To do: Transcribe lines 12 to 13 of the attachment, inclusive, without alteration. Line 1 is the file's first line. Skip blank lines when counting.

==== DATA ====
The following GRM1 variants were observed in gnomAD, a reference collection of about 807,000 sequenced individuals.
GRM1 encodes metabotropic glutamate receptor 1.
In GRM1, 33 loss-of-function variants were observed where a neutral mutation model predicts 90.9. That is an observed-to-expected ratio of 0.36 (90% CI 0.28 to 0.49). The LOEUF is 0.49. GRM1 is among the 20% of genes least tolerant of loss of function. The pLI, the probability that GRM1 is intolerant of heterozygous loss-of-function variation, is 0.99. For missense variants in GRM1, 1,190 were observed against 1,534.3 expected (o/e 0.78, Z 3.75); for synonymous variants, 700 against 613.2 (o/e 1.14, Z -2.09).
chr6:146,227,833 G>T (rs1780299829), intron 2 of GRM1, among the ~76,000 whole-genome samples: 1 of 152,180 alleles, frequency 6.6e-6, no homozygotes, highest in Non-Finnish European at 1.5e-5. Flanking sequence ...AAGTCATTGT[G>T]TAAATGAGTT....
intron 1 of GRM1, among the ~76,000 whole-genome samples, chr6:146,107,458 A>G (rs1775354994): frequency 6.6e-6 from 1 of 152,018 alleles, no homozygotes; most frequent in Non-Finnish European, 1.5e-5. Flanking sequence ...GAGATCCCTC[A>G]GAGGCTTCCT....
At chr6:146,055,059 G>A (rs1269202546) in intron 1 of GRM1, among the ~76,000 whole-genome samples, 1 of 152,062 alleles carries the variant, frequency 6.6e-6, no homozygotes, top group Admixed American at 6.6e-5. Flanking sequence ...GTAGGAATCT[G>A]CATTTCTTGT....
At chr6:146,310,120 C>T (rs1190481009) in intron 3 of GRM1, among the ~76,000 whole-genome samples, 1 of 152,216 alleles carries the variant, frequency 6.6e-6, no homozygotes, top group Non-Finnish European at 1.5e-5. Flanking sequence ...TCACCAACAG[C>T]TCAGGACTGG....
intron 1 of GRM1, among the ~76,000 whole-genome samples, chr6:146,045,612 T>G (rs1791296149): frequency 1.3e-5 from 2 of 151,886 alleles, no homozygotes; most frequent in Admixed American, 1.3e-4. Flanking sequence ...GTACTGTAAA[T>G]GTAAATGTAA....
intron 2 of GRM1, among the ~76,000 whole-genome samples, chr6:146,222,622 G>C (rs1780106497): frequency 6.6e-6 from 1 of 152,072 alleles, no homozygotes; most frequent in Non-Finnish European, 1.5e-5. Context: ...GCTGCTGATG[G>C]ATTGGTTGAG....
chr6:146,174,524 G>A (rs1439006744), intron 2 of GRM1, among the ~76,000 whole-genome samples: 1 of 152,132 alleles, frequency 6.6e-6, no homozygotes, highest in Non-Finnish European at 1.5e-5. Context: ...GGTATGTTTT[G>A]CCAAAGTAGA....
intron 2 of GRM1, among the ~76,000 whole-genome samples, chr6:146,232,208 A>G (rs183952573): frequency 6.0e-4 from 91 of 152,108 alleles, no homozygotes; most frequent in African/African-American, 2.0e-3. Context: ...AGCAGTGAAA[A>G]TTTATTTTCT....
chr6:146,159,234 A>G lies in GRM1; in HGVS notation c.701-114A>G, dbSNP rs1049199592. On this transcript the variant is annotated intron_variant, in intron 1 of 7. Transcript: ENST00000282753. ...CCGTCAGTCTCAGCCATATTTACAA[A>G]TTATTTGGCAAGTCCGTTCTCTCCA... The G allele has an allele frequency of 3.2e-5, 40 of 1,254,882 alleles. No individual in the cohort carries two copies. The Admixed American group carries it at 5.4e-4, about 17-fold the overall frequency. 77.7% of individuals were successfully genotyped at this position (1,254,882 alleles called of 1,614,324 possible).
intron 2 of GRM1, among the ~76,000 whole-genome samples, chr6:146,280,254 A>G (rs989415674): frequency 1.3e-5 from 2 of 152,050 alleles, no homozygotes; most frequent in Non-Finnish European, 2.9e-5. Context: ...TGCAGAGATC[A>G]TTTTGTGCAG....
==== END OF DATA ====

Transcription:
chr6:146,159,234 A>G lies in GRM1; in HGVS notation c.701-114A>G, dbSNP rs1049199592. On this transcript the variant is annotated intron_variant, in intron 1 of 7. Transcript: ENST00000282753. ...CCGTCAGTCTCAGCCATATTTACAA[A>G]TTATTTGGCAAGTCCGTTCTCTCCA... The G allele has an allele frequency of 3.2e-5, 40 of 1,254,882 alleles. No individual in the cohort carries two copies. The Admixed American group carries it at 5.4e-4, about 17-fold the overall frequency. 77.7% of individuals were successfully genotyped at this position (1,254,882 alleles called of 1,614,324 possible).
intron 2 of GRM1, among the ~76,000 whole-genome samples, chr6:146,280,254 A>G (rs989415674): frequency 1.3e-5 from 2 of 152,050 alleles, no homozygotes; most frequent in Non-Finnish European, 2.9e-5. Context: ...TGCAGAGATC[A>G]TTTTGTGCAG....